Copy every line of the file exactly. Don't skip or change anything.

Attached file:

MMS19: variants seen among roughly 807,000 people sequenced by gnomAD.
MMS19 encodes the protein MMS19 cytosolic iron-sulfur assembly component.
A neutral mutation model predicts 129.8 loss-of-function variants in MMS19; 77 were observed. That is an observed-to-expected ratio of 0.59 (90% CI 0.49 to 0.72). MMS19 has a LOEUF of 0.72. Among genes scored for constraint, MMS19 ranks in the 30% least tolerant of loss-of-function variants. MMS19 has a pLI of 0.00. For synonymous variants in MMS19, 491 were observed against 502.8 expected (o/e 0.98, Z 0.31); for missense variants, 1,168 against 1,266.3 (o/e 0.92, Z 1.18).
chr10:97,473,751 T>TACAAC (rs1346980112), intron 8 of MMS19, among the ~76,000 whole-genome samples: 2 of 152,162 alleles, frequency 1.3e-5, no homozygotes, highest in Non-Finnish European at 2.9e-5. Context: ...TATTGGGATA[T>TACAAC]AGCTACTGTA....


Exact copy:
MMS19: variants seen among roughly 807,000 people sequenced by gnomAD.
MMS19 encodes the protein MMS19 cytosolic iron-sulfur assembly component.
A neutral mutation model predicts 129.8 loss-of-function variants in MMS19; 77 were observed. That is an observed-to-expected ratio of 0.59 (90% CI 0.49 to 0.72). MMS19 has a LOEUF of 0.72. Among genes scored for constraint, MMS19 ranks in the 30% least tolerant of loss-of-function variants. MMS19 has a pLI of 0.00. For synonymous variants in MMS19, 491 were observed against 502.8 expected (o/e 0.98, Z 0.31); for missense variants, 1,168 against 1,266.3 (o/e 0.92, Z 1.18).
chr10:97,473,751 T>TACAAC (rs1346980112), intron 8 of MMS19, among the ~76,000 whole-genome samples: 2 of 152,162 alleles, frequency 1.3e-5, no homozygotes, highest in Non-Finnish European at 2.9e-5. Context: ...TATTGGGATA[T>TACAAC]AGCTACTGTA....